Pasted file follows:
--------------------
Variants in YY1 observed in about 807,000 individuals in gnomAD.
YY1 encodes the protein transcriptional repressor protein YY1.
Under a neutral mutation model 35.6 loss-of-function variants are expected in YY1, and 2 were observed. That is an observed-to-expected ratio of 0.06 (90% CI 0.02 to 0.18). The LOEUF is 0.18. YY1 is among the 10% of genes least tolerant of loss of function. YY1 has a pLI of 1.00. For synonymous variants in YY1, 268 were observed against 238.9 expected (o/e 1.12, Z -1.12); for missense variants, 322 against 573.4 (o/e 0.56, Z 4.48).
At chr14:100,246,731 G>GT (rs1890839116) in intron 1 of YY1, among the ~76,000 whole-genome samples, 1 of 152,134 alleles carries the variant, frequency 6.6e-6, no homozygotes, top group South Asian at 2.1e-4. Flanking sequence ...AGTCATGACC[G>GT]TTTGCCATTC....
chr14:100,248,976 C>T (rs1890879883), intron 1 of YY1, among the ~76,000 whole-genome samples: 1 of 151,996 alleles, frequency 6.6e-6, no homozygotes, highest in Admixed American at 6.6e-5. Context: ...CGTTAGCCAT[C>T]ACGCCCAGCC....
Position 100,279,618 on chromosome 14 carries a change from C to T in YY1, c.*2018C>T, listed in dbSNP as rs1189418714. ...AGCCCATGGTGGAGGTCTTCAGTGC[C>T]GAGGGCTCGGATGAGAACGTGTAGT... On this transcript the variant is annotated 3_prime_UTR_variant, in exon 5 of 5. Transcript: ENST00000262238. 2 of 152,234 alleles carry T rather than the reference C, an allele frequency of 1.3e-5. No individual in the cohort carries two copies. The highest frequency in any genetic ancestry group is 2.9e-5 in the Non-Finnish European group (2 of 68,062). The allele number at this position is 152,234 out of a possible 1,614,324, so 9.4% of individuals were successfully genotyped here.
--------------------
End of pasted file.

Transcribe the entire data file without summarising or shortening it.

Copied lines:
Variants in YY1 observed in about 807,000 individuals in gnomAD.
YY1 encodes the protein transcriptional repressor protein YY1.
Under a neutral mutation model 35.6 loss-of-function variants are expected in YY1, and 2 were observed. That is an observed-to-expected ratio of 0.06 (90% CI 0.02 to 0.18). The LOEUF is 0.18. YY1 is among the 10% of genes least tolerant of loss of function. YY1 has a pLI of 1.00. For synonymous variants in YY1, 268 were observed against 238.9 expected (o/e 1.12, Z -1.12); for missense variants, 322 against 573.4 (o/e 0.56, Z 4.48).
At chr14:100,246,731 G>GT (rs1890839116) in intron 1 of YY1, among the ~76,000 whole-genome samples, 1 of 152,134 alleles carries the variant, frequency 6.6e-6, no homozygotes, top group South Asian at 2.1e-4. Flanking sequence ...AGTCATGACC[G>GT]TTTGCCATTC....
chr14:100,248,976 C>T (rs1890879883), intron 1 of YY1, among the ~76,000 whole-genome samples: 1 of 151,996 alleles, frequency 6.6e-6, no homozygotes, highest in Admixed American at 6.6e-5. Context: ...CGTTAGCCAT[C>T]ACGCCCAGCC....
Position 100,279,618 on chromosome 14 carries a change from C to T in YY1, c.*2018C>T, listed in dbSNP as rs1189418714. ...AGCCCATGGTGGAGGTCTTCAGTGC[C>T]GAGGGCTCGGATGAGAACGTGTAGT... On this transcript the variant is annotated 3_prime_UTR_variant, in exon 5 of 5. Transcript: ENST00000262238. 2 of 152,234 alleles carry T rather than the reference C, an allele frequency of 1.3e-5. No individual in the cohort carries two copies. The highest frequency in any genetic ancestry group is 2.9e-5 in the Non-Finnish European group (2 of 68,062). The allele number at this position is 152,234 out of a possible 1,614,324, so 9.4% of individuals were successfully genotyped here.